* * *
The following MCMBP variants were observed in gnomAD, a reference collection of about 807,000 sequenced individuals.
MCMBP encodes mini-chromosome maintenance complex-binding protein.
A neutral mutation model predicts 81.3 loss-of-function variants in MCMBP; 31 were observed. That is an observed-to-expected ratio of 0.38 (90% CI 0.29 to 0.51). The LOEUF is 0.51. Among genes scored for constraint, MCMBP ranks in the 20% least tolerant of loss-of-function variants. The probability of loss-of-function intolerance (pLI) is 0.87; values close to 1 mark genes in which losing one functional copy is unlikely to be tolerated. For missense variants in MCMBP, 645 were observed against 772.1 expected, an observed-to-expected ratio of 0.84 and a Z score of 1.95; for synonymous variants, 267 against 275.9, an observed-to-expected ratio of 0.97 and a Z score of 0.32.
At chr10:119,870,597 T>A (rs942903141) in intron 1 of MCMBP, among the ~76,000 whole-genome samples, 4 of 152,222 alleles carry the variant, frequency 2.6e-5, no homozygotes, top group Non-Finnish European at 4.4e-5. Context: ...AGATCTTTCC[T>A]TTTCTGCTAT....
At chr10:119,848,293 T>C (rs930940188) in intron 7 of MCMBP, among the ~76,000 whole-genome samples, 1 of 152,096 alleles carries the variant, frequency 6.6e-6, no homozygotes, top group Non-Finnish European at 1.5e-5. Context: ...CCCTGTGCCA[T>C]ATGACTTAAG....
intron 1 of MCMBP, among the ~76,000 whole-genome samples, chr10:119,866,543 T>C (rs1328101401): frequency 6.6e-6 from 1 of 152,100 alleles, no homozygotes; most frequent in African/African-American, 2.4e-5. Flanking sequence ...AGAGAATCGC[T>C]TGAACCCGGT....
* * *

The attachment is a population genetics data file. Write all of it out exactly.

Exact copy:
The following MCMBP variants were observed in gnomAD, a reference collection of about 807,000 sequenced individuals.
MCMBP encodes mini-chromosome maintenance complex-binding protein.
A neutral mutation model predicts 81.3 loss-of-function variants in MCMBP; 31 were observed. That is an observed-to-expected ratio of 0.38 (90% CI 0.29 to 0.51). The LOEUF is 0.51. Among genes scored for constraint, MCMBP ranks in the 20% least tolerant of loss-of-function variants. The probability of loss-of-function intolerance (pLI) is 0.87; values close to 1 mark genes in which losing one functional copy is unlikely to be tolerated. For missense variants in MCMBP, 645 were observed against 772.1 expected, an observed-to-expected ratio of 0.84 and a Z score of 1.95; for synonymous variants, 267 against 275.9, an observed-to-expected ratio of 0.97 and a Z score of 0.32.
At chr10:119,870,597 T>A (rs942903141) in intron 1 of MCMBP, among the ~76,000 whole-genome samples, 4 of 152,222 alleles carry the variant, frequency 2.6e-5, no homozygotes, top group Non-Finnish European at 4.4e-5. Context: ...AGATCTTTCC[T>A]TTTCTGCTAT....
At chr10:119,848,293 T>C (rs930940188) in intron 7 of MCMBP, among the ~76,000 whole-genome samples, 1 of 152,096 alleles carries the variant, frequency 6.6e-6, no homozygotes, top group Non-Finnish European at 1.5e-5. Context: ...CCCTGTGCCA[T>C]ATGACTTAAG....
intron 1 of MCMBP, among the ~76,000 whole-genome samples, chr10:119,866,543 T>C (rs1328101401): frequency 6.6e-6 from 1 of 152,100 alleles, no homozygotes; most frequent in African/African-American, 2.4e-5. Flanking sequence ...AGAGAATCGC[T>C]TGAACCCGGT....